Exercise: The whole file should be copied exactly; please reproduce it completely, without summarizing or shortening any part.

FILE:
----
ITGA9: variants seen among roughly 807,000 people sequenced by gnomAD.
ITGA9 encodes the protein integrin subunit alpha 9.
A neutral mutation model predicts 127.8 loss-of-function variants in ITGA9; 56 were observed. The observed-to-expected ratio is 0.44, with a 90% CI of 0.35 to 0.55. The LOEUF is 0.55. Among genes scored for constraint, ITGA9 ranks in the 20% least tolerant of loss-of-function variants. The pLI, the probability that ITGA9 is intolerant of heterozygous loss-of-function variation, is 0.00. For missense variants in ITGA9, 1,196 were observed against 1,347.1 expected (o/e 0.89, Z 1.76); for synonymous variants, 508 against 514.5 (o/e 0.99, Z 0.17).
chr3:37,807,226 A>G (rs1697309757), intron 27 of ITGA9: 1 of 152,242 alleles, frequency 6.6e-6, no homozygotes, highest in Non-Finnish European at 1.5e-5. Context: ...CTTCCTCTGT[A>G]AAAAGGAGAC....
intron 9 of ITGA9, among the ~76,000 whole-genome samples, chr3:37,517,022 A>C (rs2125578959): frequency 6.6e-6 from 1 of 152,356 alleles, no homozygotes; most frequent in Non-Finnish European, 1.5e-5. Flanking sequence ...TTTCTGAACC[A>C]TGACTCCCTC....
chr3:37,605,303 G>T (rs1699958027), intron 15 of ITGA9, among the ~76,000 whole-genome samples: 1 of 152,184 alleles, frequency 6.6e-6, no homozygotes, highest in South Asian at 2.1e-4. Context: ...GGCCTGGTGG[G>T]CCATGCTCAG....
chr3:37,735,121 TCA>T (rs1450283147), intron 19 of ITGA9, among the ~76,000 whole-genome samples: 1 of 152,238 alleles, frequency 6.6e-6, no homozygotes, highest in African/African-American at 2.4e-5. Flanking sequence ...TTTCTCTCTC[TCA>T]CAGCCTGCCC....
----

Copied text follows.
ITGA9: variants seen among roughly 807,000 people sequenced by gnomAD.
ITGA9 encodes the protein integrin subunit alpha 9.
A neutral mutation model predicts 127.8 loss-of-function variants in ITGA9; 56 were observed. The observed-to-expected ratio is 0.44, with a 90% CI of 0.35 to 0.55. The LOEUF is 0.55. Among genes scored for constraint, ITGA9 ranks in the 20% least tolerant of loss-of-function variants. The pLI, the probability that ITGA9 is intolerant of heterozygous loss-of-function variation, is 0.00. For missense variants in ITGA9, 1,196 were observed against 1,347.1 expected (o/e 0.89, Z 1.76); for synonymous variants, 508 against 514.5 (o/e 0.99, Z 0.17).
chr3:37,807,226 A>G (rs1697309757), intron 27 of ITGA9: 1 of 152,242 alleles, frequency 6.6e-6, no homozygotes, highest in Non-Finnish European at 1.5e-5. Context: ...CTTCCTCTGT[A>G]AAAAGGAGAC....
intron 9 of ITGA9, among the ~76,000 whole-genome samples, chr3:37,517,022 A>C (rs2125578959): frequency 6.6e-6 from 1 of 152,356 alleles, no homozygotes; most frequent in Non-Finnish European, 1.5e-5. Flanking sequence ...TTTCTGAACC[A>C]TGACTCCCTC....
chr3:37,605,303 G>T (rs1699958027), intron 15 of ITGA9, among the ~76,000 whole-genome samples: 1 of 152,184 alleles, frequency 6.6e-6, no homozygotes, highest in South Asian at 2.1e-4. Context: ...GGCCTGGTGG[G>T]CCATGCTCAG....
chr3:37,735,121 TCA>T (rs1450283147), intron 19 of ITGA9, among the ~76,000 whole-genome samples: 1 of 152,238 alleles, frequency 6.6e-6, no homozygotes, highest in African/African-American at 2.4e-5. Flanking sequence ...TTTCTCTCTC[TCA>T]CAGCCTGCCC....